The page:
Tower of Half Power

Doctor Who- Paradise Towers, recently out on dvd reviewed by Chris Arnsby

The furious fan reaction to series twenty four of Doctor Who casts a long shadow. Even now, twenty four years later -appropriately enough- writing a negative review feels like conforming to fan opinion while being positive seems deliberately contrary. And the problem is `Paradise Towers` doesn't deserve either slagging off or praising as an undiscovered classic. It's like `The Sun Makers`, or `Underworld`, or `The Mutants`, or `The Invisible Enemy`, or any of those stories which knock around mid-chart when someone does a survey of fan opinion. In short, it's average. A fun story with moments of inspiration let down by questionable production decisions and compromises due to budget and resources.

Stephen Wyatt's script is frequently very clever especially when it comes to inventing Kang slang; “ice hot”, “alleviator”, and “carrydors” It brings to mind the use of language in science-fiction to initially alienate but ultimately create a sense of a different place and time, as with Alan Moore's use of slang in Halo Jones or Jonn Brunner's books The Shockwave Rider, The Sheep Look Up and especially Stand On Zanzibar.

Wyatt's script is also frequently funny - “are these old ladies annoying you?”, “no”, “are you annoying these old ladies?” - but it's not all gold and what's needed is a script editor willing to go in and chop moments when dialogue becomes over-ripe; a prime example being the scene between Pex and Mel in the lift where they talk about what could go wrong, “if the lift gets stuck completely between floors”,just before each thing occurs.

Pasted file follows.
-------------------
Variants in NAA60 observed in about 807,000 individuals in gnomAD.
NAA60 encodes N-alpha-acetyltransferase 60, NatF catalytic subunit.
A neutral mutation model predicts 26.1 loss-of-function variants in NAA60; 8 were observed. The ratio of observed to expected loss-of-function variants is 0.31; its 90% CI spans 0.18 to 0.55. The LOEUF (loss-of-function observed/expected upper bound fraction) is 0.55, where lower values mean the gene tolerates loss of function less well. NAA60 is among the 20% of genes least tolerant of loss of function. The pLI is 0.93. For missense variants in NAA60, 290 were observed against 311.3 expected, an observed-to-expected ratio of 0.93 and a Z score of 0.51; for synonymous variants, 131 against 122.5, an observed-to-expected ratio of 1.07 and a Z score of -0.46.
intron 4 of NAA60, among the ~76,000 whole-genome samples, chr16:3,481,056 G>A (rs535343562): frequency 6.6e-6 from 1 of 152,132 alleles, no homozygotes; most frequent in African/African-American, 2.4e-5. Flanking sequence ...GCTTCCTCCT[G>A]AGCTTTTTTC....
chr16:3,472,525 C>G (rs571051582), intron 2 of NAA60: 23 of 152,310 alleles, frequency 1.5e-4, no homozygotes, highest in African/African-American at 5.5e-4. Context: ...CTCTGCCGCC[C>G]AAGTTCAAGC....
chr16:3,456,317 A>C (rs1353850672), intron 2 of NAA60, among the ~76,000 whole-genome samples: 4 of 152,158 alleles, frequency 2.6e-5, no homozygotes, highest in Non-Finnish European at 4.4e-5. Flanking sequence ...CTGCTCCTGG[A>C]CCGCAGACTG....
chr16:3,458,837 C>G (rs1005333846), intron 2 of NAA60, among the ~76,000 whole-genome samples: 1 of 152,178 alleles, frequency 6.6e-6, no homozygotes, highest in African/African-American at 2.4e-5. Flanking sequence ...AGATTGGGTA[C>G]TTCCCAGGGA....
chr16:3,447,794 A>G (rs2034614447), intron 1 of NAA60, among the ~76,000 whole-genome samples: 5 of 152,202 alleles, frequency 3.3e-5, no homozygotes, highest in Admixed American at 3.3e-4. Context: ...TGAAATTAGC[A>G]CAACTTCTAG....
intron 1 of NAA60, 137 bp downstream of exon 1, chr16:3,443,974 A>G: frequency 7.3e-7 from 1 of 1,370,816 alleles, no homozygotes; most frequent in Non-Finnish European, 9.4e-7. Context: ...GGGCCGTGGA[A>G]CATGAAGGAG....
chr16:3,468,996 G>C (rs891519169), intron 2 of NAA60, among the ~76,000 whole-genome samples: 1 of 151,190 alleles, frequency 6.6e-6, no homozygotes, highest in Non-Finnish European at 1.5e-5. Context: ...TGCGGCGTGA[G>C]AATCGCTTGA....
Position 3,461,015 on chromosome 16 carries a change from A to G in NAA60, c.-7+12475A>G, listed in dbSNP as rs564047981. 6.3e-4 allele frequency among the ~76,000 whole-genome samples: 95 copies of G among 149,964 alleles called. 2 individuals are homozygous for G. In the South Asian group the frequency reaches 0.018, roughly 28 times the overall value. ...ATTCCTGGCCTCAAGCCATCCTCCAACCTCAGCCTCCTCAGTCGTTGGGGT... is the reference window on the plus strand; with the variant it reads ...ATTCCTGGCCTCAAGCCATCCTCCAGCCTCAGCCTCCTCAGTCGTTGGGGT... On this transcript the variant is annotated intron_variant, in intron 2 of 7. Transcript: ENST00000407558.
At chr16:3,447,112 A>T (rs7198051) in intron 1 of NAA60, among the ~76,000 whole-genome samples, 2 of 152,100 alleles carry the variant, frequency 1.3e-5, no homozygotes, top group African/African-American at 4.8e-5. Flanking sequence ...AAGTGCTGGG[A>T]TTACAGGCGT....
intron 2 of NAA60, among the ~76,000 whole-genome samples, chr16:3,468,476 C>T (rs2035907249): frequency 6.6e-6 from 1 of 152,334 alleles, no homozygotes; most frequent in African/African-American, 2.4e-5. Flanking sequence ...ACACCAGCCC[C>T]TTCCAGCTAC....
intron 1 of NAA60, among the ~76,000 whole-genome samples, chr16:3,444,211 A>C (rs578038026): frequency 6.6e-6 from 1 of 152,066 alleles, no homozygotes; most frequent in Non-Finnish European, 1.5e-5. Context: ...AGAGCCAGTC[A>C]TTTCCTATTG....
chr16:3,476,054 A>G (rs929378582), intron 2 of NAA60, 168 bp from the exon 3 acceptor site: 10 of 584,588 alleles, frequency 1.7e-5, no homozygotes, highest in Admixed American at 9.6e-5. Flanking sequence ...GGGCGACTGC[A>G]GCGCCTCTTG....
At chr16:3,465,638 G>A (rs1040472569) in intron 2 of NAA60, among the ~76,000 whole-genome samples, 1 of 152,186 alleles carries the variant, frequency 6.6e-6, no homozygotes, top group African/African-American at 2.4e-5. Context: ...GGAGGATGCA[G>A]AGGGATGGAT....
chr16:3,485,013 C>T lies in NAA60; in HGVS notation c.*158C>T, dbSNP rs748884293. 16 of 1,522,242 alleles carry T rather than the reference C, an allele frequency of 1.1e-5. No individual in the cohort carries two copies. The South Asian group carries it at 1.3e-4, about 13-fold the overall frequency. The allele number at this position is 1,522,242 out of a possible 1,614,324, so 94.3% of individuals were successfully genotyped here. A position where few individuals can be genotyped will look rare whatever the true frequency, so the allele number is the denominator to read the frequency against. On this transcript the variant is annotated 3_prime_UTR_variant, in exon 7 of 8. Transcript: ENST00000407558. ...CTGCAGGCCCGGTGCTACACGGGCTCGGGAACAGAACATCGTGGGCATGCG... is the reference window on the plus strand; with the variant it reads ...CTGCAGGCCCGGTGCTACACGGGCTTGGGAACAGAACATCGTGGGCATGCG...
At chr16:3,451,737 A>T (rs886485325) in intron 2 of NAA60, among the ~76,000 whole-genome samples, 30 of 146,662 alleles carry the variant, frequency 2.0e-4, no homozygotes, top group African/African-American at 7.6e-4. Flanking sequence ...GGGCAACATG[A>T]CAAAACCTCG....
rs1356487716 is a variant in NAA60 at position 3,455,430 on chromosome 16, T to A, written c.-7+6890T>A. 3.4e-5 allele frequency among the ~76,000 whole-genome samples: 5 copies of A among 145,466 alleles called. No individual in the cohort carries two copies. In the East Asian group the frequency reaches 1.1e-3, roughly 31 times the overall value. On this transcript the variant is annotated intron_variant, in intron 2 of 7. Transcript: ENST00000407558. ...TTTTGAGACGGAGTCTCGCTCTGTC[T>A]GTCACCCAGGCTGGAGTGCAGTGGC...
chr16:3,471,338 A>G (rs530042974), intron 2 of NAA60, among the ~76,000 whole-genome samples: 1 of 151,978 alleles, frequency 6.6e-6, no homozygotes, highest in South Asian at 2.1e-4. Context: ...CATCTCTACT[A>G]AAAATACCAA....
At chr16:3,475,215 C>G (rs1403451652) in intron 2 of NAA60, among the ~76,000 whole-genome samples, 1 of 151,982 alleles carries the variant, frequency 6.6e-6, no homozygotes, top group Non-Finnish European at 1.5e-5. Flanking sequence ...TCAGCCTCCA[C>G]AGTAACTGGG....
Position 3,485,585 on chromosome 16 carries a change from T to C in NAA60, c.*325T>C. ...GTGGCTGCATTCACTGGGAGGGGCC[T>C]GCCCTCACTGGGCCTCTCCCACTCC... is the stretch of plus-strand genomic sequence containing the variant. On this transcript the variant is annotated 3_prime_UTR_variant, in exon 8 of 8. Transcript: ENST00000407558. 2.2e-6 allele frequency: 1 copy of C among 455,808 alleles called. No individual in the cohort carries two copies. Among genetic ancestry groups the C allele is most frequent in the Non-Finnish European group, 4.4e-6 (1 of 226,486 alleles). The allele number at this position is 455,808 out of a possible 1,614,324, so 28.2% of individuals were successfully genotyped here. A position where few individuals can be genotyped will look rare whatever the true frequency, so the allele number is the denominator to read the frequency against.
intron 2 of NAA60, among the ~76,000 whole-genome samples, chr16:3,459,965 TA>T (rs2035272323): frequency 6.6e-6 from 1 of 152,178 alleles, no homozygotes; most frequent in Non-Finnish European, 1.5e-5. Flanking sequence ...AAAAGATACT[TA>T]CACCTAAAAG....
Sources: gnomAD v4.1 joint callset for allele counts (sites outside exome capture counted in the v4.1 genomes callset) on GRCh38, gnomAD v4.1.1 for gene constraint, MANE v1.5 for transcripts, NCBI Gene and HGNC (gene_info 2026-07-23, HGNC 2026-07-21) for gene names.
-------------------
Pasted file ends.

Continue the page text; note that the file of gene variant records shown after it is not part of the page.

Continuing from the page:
As designer, Martin Collins has produced some really interesting multi-levelled sets. Studio bound stories normally take place on one level so it feels unusual to have sets where you are looking up, or down, on places you've already seen; the steep steps leading into the Kang's headquarters are a particularly inspired idea and the director uses them well in the action. Martin Collins also acknowledges the script's references to urban decay with some fantastic dusty and dirty corridors. Better still someone has told the lighting department to light the corridors sympathetically so we have a few scenes which look nice and atmospheric. But then costume go and spoil it all by making sure everyone in this collapsed society looks clean and well laundered, and dress Mel in blue polka dots, and the Chief Caretaker -in the `About Time` book's memorable phrase-  as a competitor in the SS Ice Dance finals.